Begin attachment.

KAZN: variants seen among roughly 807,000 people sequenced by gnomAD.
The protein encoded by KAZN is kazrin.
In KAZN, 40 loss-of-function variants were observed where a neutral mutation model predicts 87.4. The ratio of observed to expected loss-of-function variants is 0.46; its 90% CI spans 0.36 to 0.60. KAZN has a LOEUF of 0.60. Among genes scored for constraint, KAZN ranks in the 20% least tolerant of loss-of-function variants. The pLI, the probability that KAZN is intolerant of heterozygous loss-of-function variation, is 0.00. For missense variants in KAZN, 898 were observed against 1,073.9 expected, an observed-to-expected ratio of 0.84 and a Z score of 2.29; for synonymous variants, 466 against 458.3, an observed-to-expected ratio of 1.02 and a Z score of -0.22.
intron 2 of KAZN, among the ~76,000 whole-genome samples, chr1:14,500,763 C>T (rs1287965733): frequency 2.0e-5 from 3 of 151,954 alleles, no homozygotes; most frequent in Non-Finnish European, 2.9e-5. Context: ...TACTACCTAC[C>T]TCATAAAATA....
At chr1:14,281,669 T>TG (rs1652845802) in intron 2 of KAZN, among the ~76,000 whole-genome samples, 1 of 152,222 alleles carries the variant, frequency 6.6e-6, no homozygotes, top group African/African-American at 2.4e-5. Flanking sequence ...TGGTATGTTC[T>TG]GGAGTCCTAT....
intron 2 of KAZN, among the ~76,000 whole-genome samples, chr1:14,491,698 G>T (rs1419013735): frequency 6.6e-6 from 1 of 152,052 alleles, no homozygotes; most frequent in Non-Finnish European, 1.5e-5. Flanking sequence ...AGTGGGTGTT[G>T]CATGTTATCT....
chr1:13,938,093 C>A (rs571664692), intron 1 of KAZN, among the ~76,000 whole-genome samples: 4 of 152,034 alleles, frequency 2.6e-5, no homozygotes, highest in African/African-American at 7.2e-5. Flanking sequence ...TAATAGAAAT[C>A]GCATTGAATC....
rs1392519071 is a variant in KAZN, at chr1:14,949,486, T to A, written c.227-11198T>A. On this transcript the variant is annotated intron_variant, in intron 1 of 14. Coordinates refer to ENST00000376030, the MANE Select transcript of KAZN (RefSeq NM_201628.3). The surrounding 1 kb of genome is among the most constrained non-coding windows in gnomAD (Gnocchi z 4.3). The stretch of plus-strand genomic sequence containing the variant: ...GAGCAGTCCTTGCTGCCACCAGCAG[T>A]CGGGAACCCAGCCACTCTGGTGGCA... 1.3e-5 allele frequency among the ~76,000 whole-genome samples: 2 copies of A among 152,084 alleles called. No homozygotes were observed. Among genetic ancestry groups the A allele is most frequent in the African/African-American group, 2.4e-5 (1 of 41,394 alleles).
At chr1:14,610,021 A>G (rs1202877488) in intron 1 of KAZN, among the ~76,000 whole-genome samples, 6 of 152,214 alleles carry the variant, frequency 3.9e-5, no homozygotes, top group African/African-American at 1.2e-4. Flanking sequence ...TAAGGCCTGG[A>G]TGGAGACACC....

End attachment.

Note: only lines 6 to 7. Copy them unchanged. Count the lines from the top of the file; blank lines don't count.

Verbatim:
intron 2 of KAZN, among the ~76,000 whole-genome samples, chr1:14,491,698 G>T (rs1419013735): frequency 6.6e-6 from 1 of 152,052 alleles, no homozygotes; most frequent in Non-Finnish European, 1.5e-5. Flanking sequence ...AGTGGGTGTT[G>T]CATGTTATCT....
chr1:13,938,093 C>A (rs571664692), intron 1 of KAZN, among the ~76,000 whole-genome samples: 4 of 152,034 alleles, frequency 2.6e-5, no homozygotes, highest in African/African-American at 7.2e-5. Flanking sequence ...TAATAGAAAT[C>A]GCATTGAATC....